We believe that inquiry and the construction of knowledge are essential elements of each student’s educational experience. Park’s mathematics program provides opportunities for students to become more mathematically aware, capable, and confident.
Mathematics enables students to develop a better understanding of our world, to create and discover patterns and ideas, and to appreciate a compelling form of inquiry and argument. Making connections between different areas of mathematics is a major component of our department’s program. We believe the study of mathematics is a unified body of knowledge that emphasizes problem solving and generalization. Applications will engage students and promote their ability to communicate and reason mathematically.
To these ends, all Park students take courses that allow them to become better problem-solvers. Students learn algebra, geometry, trigonometry, and other topics through a discovery process and are routinely expected to apply these concepts in novel situations.
Two years of mathematics are required for graduation. However, most Park students complete mathematics for all four of their years in the Upper School. Students cover the material on the SAT Subject Test in mathematics by the end of 11th grade.
Students are placed in appropriate mathematics classes by the Mathematics Department and are encouraged to visit the Mathematics/Science Office for assistance from faculty members at any time; peer tutors are also available.
A TI-83+ or TI-84+ graphing calculator is required for all classes.
Note: Our goal is for students to take the math courses most appropriate for them. Each level within the core curriculum in grades 9, 10, and 11 will appear as Math 9, Math 10, and Math 11 on student transcripts.
Grade 9 • Required
This course is required at one of four levels: Math 9-1, Math 9-2, Math 9-3, or Math 9-4.
This course explores advanced algebraic and geometric content through an emphasis on problem solving, reasoning, and proof. Topics include graph theory, laws of exponents and radicals, the algebra of rational expressions, quadratic equations, Euclidean and coordinate geometry, and unit-circle trigonometry.
Math 9-2, Math 9-3, and Math 9-4
These courses explore algebra, geometry, and the connections between the two, with an emphasis on developing students’ ability to solve problems through a variety of approaches. Topics include algebra, coordinate geometry, systems of equations, trigonometry, quadratic functions, and combinatorics, with a consistent focus throughout on reasoning and proof.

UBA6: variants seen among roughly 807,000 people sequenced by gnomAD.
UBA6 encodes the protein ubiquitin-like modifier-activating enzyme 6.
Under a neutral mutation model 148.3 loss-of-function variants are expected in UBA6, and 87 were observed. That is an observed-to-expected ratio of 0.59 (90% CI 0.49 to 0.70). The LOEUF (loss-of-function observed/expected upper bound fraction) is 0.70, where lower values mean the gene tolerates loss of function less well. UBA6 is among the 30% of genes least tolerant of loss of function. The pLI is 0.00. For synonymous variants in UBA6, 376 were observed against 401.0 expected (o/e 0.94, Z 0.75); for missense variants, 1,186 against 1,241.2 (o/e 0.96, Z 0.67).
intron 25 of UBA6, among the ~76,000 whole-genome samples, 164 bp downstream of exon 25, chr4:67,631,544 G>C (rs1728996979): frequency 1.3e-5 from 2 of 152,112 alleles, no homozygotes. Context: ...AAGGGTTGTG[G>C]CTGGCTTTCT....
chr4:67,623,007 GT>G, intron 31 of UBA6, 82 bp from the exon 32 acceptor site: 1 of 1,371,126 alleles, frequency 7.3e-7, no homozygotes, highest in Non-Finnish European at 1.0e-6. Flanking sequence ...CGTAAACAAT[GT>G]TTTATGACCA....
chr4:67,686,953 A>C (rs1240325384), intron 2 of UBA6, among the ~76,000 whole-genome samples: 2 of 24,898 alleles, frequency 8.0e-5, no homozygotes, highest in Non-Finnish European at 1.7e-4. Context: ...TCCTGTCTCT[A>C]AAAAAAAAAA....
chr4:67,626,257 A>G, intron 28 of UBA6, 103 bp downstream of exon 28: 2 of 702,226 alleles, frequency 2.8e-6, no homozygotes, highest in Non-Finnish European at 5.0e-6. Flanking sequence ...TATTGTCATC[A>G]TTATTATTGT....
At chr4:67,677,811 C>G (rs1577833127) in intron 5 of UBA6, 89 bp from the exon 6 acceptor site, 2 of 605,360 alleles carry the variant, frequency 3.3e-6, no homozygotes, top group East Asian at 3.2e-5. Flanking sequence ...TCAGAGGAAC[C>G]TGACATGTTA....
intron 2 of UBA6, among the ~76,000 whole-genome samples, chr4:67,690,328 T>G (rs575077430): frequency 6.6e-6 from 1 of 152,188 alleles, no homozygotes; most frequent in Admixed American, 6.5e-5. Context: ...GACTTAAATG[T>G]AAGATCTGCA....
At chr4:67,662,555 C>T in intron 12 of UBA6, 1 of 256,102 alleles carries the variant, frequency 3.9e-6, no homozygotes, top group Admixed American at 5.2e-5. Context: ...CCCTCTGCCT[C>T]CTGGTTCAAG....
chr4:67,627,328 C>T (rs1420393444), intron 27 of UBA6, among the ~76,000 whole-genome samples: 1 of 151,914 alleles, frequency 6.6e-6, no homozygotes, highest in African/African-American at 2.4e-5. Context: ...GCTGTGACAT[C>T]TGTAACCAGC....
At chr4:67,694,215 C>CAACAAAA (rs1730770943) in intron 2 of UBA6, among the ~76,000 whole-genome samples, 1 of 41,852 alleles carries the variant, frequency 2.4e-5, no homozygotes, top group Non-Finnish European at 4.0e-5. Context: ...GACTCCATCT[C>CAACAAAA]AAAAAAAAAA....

Grade 10 • Required
This course is required at one of four levels: Math 10-1, Math 10-2, Math 10-3, or Math 10-4.
Students expand upon the understanding of algebra and geometry gained in Math 9-1. They explore exponential and logarithmic functions, combinatorics, sequences and series, graphical transformations, polynomials and rational functions, circular motion and the trigonometric functions, trigonometric identities, complex numbers, and begin the study of infinitesimal processes.
Math 10-2, Math 10-3, and Math 10-4
These courses examine algebra, geometry, and discrete mathematics, but in greater depth than the previous year, with a continuing emphasis on developing students’ ability to solve problems through a variety of approaches. Topics may include graph theory, geometric sequences and series, radicals and laws of exponents, the algebra of rational expressions, exponential functions, further study of quadratic equations, polynomial functions and complex numbers, statistics, and Euclidean geometry.
Math 11-2, Math 11-3, and Math 11-4
These courses emphasize applications of mathematics and may include the following areas: algorithms, exponential functions, logarithms, trigonometric functions, transformations of functions, polynomial functions, trigonometric identities, combinatorics and probability, and further topics in geometry.
Concepts and applications of differential and integral calculus are presented. For juniors, a month-long final project, requiring considerable independent work, concludes the course. Students who complete the course successfully are prepared to take the Advanced Placement Calculus AB exam. Prerequisite: Math 10-1 or permission of current math teacher.
Advanced Calculus (Accelerated)